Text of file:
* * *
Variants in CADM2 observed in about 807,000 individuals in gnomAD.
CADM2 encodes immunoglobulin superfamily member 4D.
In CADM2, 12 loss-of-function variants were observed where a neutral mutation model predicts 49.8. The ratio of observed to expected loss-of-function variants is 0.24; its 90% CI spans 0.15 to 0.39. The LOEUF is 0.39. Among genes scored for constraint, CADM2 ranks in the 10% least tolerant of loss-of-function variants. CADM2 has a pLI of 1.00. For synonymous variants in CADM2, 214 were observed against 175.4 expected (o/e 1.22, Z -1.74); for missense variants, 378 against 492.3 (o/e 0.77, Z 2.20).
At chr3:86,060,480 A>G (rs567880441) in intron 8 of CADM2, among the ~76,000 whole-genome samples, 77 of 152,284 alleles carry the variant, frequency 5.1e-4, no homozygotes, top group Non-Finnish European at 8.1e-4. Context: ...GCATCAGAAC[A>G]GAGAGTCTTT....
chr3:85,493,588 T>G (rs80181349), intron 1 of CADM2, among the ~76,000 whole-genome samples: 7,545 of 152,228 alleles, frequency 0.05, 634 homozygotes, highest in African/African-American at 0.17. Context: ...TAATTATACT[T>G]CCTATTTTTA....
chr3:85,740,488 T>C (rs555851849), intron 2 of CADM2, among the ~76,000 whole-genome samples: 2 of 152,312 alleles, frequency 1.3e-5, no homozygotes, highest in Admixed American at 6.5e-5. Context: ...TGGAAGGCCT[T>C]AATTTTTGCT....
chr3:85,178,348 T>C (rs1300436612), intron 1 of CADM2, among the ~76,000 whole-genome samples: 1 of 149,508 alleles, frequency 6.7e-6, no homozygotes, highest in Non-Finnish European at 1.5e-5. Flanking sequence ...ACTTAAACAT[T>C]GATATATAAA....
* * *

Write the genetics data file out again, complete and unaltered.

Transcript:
Variants in CADM2 observed in about 807,000 individuals in gnomAD.
CADM2 encodes immunoglobulin superfamily member 4D.
In CADM2, 12 loss-of-function variants were observed where a neutral mutation model predicts 49.8. The ratio of observed to expected loss-of-function variants is 0.24; its 90% CI spans 0.15 to 0.39. The LOEUF is 0.39. Among genes scored for constraint, CADM2 ranks in the 10% least tolerant of loss-of-function variants. CADM2 has a pLI of 1.00. For synonymous variants in CADM2, 214 were observed against 175.4 expected (o/e 1.22, Z -1.74); for missense variants, 378 against 492.3 (o/e 0.77, Z 2.20).
At chr3:86,060,480 A>G (rs567880441) in intron 8 of CADM2, among the ~76,000 whole-genome samples, 77 of 152,284 alleles carry the variant, frequency 5.1e-4, no homozygotes, top group Non-Finnish European at 8.1e-4. Context: ...GCATCAGAAC[A>G]GAGAGTCTTT....
chr3:85,493,588 T>G (rs80181349), intron 1 of CADM2, among the ~76,000 whole-genome samples: 7,545 of 152,228 alleles, frequency 0.05, 634 homozygotes, highest in African/African-American at 0.17. Context: ...TAATTATACT[T>G]CCTATTTTTA....
chr3:85,740,488 T>C (rs555851849), intron 2 of CADM2, among the ~76,000 whole-genome samples: 2 of 152,312 alleles, frequency 1.3e-5, no homozygotes, highest in Admixed American at 6.5e-5. Context: ...TGGAAGGCCT[T>C]AATTTTTGCT....
chr3:85,178,348 T>C (rs1300436612), intron 1 of CADM2, among the ~76,000 whole-genome samples: 1 of 149,508 alleles, frequency 6.7e-6, no homozygotes, highest in Non-Finnish European at 1.5e-5. Flanking sequence ...ACTTAAACAT[T>C]GATATATAAA....